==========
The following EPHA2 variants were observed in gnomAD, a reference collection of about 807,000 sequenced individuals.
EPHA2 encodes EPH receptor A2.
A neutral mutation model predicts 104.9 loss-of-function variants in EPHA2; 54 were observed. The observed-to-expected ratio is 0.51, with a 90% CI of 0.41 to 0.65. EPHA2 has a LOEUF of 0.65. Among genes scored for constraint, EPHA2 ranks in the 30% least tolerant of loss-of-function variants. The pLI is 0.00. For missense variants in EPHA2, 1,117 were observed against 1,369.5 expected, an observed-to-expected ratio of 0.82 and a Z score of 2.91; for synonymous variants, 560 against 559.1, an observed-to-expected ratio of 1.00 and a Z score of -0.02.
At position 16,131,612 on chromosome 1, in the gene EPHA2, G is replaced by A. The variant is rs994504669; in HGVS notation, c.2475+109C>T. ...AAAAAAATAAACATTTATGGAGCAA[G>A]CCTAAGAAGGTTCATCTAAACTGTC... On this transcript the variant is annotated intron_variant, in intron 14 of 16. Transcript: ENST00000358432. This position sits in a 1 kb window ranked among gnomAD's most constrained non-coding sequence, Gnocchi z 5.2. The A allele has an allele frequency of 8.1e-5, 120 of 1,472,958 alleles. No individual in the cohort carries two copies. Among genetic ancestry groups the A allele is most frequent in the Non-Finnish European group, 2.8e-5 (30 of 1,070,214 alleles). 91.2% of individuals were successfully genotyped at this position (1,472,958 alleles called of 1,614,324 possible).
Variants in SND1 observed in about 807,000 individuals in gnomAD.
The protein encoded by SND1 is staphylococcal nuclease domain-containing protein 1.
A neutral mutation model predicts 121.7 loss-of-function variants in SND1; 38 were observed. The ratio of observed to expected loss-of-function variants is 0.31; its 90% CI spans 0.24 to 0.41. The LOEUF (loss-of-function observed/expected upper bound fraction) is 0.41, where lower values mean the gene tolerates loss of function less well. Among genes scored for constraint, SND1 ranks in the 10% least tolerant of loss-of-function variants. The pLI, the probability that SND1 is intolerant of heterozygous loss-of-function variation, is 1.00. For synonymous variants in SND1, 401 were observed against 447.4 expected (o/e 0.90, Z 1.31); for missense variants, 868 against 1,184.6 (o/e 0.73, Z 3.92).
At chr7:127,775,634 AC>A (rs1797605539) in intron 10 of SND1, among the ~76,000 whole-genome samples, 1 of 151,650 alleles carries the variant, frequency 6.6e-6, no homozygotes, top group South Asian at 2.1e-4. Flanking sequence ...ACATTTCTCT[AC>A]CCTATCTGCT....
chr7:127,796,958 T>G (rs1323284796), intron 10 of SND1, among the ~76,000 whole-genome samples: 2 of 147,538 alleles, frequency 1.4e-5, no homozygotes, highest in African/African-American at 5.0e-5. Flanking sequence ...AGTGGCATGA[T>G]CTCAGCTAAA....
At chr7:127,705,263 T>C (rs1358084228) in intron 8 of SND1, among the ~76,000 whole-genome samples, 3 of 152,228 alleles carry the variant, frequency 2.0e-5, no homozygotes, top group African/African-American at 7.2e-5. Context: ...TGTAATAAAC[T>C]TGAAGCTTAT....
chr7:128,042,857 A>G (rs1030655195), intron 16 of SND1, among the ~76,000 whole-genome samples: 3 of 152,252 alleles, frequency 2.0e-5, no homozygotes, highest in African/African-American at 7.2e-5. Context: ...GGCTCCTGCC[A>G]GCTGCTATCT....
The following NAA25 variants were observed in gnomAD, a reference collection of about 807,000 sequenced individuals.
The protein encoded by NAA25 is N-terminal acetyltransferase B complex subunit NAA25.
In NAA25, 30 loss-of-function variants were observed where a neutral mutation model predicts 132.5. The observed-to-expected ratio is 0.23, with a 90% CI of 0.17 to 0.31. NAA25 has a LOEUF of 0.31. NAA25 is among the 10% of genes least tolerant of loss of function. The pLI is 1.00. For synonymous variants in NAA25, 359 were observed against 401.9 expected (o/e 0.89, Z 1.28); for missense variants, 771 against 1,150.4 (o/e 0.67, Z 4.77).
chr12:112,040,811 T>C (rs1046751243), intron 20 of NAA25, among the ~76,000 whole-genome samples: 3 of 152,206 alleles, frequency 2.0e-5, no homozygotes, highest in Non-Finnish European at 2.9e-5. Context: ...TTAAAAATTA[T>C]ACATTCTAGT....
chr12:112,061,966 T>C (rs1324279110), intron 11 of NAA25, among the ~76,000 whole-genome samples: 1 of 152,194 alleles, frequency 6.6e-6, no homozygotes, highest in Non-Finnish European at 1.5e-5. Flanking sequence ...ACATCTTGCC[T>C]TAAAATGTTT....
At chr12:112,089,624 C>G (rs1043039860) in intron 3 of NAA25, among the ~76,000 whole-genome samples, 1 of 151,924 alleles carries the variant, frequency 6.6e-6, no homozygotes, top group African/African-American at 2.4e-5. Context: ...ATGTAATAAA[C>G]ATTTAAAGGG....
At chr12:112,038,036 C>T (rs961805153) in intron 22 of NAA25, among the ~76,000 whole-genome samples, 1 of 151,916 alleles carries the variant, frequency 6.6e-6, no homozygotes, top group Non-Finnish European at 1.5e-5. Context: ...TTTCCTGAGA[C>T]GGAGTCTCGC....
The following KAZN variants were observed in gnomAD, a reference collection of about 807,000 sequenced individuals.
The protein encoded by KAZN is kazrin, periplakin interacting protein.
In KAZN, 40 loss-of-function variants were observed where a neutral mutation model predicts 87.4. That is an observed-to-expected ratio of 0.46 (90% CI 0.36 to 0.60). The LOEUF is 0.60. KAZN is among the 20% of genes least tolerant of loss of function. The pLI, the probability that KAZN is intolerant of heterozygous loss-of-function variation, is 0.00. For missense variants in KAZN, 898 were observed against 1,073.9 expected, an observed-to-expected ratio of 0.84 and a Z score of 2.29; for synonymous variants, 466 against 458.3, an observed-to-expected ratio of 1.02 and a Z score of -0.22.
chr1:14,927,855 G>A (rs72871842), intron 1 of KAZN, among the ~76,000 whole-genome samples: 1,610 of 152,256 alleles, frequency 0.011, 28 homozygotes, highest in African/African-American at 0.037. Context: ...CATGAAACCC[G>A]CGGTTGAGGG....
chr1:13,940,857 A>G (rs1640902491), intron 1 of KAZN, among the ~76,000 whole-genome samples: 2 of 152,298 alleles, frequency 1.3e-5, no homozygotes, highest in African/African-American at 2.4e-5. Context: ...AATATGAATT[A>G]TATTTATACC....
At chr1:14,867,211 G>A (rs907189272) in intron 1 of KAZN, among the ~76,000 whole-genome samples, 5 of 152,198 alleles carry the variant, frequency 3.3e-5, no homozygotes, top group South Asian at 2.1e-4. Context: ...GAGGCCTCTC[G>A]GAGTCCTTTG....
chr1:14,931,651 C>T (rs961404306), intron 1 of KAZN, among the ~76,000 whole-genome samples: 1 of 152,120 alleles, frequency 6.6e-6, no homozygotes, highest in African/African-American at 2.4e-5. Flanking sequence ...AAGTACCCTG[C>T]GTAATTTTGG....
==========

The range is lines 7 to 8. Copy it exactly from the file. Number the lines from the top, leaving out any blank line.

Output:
A neutral mutation model predicts 121.7 loss-of-function variants in SND1; 38 were observed. The ratio of observed to expected loss-of-function variants is 0.31; its 90% CI spans 0.24 to 0.41. The LOEUF (loss-of-function observed/expected upper bound fraction) is 0.41, where lower values mean the gene tolerates loss of function less well. Among genes scored for constraint, SND1 ranks in the 10% least tolerant of loss-of-function variants. The pLI, the probability that SND1 is intolerant of heterozygous loss-of-function variation, is 1.00. For synonymous variants in SND1, 401 were observed against 447.4 expected (o/e 0.90, Z 1.31); for missense variants, 868 against 1,184.6 (o/e 0.73, Z 3.92).
At chr7:127,775,634 AC>A (rs1797605539) in intron 10 of SND1, among the ~76,000 whole-genome samples, 1 of 151,650 alleles carries the variant, frequency 6.6e-6, no homozygotes, top group South Asian at 2.1e-4. Flanking sequence ...ACATTTCTCT[AC>A]CCTATCTGCT....